I, First llaltalloa. First lafaatry, IVrtrainiaa at Norta Bnnk Doeki 3. I.lenlea ant-Coloael Robert I.. HI rat and Cap-
aia Alfred Aloe l.radlaK lae Klrat llattalloai 3. ero Iteerolta lOn Haute to Fort illrklnlrr. Near Maiiilai 4
f'oloael .eare K. Mrliasarclr. Ias Ceatert t'oloael James Jackson. Itetlred, RMrht, and Or. David Walker, oa
a. ni ai I iriarr.
Kltra l.lferafls Aboard.
Four eitra llferafta were placed
aboard the Sherman before ahe left
San Francisco an.! no additional life
boats, as she carried more boataire be
fore than was reiuir-d under the regu
lation. Captain Hall thinks, that on
the return of the transport there will
bv a general rearrangement of her
small-boat equipment, as a few out-of-
date craft will be discarded and th
two steam launches probably replaced
by SMSollne launches.
As more earao was assembled here
than space bad been provided for. He
cause considerable was loaded at San
Francisco and more still be taken on
at Honolulu when the property of the
First Infantry la dlscharsred there,
aome will be left here to be loaded by
the transport Thomas, which ia duo
rswagrr 1. 1st la l are.
The taas-'nKer list of the Sherman
on arrival was as follows:
First Cabin To Portland: Townsend.
O. L.. Captain. First Infantry: James,
L. R.. First Lieutenant. Firat Infantry,
and wife: MrsJlarhlln. irs. E. F.. and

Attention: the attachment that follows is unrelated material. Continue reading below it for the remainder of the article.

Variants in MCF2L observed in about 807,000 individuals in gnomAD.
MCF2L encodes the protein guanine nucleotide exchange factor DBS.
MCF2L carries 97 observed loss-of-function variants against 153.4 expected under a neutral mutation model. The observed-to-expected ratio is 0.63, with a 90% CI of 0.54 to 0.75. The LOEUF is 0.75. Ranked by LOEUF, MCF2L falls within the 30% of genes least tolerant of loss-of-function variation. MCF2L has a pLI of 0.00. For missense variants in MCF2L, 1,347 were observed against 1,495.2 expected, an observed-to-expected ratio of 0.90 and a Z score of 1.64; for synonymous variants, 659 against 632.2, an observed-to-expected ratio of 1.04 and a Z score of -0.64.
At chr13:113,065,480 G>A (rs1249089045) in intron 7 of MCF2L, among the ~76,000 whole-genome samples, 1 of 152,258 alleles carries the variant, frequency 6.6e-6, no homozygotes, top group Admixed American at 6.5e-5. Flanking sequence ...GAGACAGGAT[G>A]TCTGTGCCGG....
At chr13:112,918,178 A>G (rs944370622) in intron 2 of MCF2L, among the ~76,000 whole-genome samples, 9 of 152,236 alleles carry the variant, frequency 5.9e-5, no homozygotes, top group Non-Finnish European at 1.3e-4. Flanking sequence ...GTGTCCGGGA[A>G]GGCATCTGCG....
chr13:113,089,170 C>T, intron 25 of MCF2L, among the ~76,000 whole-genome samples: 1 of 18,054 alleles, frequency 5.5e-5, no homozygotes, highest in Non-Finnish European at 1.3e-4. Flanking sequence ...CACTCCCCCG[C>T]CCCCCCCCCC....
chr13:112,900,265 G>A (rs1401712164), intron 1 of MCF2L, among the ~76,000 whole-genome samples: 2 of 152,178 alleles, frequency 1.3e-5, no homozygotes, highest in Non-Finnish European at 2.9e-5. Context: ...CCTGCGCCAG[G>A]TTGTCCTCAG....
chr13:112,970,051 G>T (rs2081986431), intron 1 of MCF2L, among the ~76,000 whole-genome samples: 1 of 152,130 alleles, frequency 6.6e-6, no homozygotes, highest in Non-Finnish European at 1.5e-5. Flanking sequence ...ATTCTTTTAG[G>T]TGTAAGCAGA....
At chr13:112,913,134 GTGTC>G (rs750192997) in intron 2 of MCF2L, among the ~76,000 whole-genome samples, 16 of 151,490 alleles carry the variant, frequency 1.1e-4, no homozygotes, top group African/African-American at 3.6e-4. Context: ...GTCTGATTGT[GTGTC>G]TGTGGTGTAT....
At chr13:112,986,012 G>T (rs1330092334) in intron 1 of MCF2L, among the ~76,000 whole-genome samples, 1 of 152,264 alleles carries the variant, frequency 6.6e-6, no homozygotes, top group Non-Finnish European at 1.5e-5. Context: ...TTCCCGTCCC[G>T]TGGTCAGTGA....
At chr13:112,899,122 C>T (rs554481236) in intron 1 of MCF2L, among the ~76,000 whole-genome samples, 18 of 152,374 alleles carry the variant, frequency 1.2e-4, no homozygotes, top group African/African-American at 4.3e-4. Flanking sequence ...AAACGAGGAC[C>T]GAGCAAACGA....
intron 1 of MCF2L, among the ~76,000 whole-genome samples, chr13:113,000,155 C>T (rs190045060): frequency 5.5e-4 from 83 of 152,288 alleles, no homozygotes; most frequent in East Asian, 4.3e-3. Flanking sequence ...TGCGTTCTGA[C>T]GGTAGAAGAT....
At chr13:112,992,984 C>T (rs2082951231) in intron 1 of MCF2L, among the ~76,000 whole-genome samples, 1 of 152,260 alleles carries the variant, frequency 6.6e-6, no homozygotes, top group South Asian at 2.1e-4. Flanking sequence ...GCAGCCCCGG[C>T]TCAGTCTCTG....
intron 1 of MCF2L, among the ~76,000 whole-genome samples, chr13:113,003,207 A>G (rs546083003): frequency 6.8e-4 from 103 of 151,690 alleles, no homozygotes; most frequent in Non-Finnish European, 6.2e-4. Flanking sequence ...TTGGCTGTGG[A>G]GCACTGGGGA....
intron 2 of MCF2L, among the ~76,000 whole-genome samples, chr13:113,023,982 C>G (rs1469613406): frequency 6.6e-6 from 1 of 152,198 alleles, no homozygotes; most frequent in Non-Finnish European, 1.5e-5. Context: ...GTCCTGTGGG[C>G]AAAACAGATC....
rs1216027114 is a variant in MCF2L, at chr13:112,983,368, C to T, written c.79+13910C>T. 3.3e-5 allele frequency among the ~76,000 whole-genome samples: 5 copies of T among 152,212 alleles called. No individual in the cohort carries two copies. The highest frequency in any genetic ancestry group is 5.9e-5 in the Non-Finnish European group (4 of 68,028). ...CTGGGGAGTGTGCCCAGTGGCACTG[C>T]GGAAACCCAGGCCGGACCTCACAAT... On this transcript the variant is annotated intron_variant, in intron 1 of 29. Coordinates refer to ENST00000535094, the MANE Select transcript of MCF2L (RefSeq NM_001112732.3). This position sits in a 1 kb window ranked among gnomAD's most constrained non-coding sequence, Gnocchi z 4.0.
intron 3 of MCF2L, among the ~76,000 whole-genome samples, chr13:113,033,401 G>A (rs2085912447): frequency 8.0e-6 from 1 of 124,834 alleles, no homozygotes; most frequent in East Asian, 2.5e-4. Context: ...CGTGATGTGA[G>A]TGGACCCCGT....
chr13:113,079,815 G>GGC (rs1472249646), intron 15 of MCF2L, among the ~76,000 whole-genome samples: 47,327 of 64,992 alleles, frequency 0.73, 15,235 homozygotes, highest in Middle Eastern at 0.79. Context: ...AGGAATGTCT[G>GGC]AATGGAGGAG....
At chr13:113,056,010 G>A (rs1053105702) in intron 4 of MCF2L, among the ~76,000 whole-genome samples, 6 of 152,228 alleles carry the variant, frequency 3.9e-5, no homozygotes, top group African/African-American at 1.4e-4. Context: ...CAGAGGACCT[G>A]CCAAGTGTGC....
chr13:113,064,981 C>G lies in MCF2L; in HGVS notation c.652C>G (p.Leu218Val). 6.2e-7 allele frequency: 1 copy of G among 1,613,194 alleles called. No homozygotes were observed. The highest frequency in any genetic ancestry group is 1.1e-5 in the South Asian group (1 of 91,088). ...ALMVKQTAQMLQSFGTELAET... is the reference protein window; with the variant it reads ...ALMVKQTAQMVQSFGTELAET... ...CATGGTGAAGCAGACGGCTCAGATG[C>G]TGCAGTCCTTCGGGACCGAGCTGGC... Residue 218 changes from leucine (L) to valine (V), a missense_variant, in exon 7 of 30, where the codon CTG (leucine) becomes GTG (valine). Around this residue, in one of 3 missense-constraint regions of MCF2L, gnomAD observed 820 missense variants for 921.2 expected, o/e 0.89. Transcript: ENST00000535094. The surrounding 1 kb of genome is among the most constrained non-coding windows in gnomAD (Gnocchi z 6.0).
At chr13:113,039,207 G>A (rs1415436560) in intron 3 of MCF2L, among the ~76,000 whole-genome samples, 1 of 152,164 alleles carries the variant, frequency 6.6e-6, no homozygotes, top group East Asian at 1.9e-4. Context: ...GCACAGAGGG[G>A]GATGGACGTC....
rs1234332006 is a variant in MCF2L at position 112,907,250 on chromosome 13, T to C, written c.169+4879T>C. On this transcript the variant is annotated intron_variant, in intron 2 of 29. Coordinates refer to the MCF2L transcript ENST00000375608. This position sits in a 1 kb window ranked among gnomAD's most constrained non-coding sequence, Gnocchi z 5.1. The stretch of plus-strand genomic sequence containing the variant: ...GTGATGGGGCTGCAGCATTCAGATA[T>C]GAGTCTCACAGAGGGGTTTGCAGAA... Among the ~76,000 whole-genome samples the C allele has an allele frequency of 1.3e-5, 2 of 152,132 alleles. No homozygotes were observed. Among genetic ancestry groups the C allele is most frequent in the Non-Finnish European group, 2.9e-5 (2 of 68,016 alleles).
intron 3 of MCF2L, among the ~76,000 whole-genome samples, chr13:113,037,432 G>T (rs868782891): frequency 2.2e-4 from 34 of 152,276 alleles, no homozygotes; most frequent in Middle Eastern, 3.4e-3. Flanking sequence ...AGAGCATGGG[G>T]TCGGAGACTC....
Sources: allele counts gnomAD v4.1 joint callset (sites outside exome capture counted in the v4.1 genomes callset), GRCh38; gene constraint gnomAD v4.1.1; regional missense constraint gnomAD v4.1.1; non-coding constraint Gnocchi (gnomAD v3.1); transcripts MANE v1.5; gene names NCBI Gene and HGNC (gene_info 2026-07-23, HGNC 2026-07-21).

two daushtera. famllv Major McGlach
Un. Second F. A.: Proslue. Mrs. X. 1L.
mother-in-law Lieutenant Pope.
First Cabin To Honolulu: DouRher
tv. J. C. Lieutenant Medical Reserve
I'orfti'. and wife; Hlckey. p. W Clerk.
Inspector- Sonera l's Iepartment; Quinn,
Itlchard. Assistant EnKineer. KnKlneers'
Ietartment. wife and two dauKhters;
A lams. A. G . Civil F.nctnrer and Su
perintendent of Construction. Q. M.
tcpt.; Kavanautth. B. J, Clerk. Q. M.
Secon-I Cabin Heazlltt. F. J.. Ser
jeant First Class. Hospital Corps, wife
nd child of - years: Calhoun, fcucrne
L.. Ftrt Serceant Second Infantry, wife
nd cnild of 4 months: Soderblom. Mrs.
Svanta and daughter, family of Kecl
juental Q. M. Sergeant, First Infantry.
Meerace ?9 casuals, U. S. A.
First Cabin To Guam. M. I. Prack
tt. .. Captain I. 6. M. C. wife, child
of S years and mot her-lu-Ia w. Mrs. San
lord. First C.iblti To Manila. I. I.: Frier.
J. IL. Major. Injector -General. KlpKy,
H. A.. Major P. S., wife and two chil
dren. 7 and I years; Smith, airs., mother-in-law
Major Itipley: Fletcher. Allen
&.. Lieutenant P. S.: Cordorl. Charlos
F.. Lieutenant .P. S.: Lynch. T. A.. Lieu
tenant, P. S-.. and wife: Iaye. John F..
Lieutenant P. S.: Ie Valln. Charles M..
Suriiewn. I". S. Navy: Cecil. Harry B..
Knslin I". S. Navy: Redlnftton. Joseph
J.. Clilnf Carpenter. U. S. Navy: Gib
bons, t harlos A.. ex-Paymasters Clerk,
I. S. Navy: Cardwell. M. W., Headquar
ters Clerk, wife and niece: Bevlna.
Georsre H.. Civil Knstneer and Super-
Intentlent of Construction, and wife
O Urien. Eutrene. Trainmaster. Q. M.
Ivpt. : Murphy. Mrs. T. .. and dauah-
tcr. family of Major Murphy. Nine
teenth Infantry: Watson. Miss Lucy,
sister of Captain Watson. Klshth Cav
airy; I'ent. Miss Edith M. fiancee o(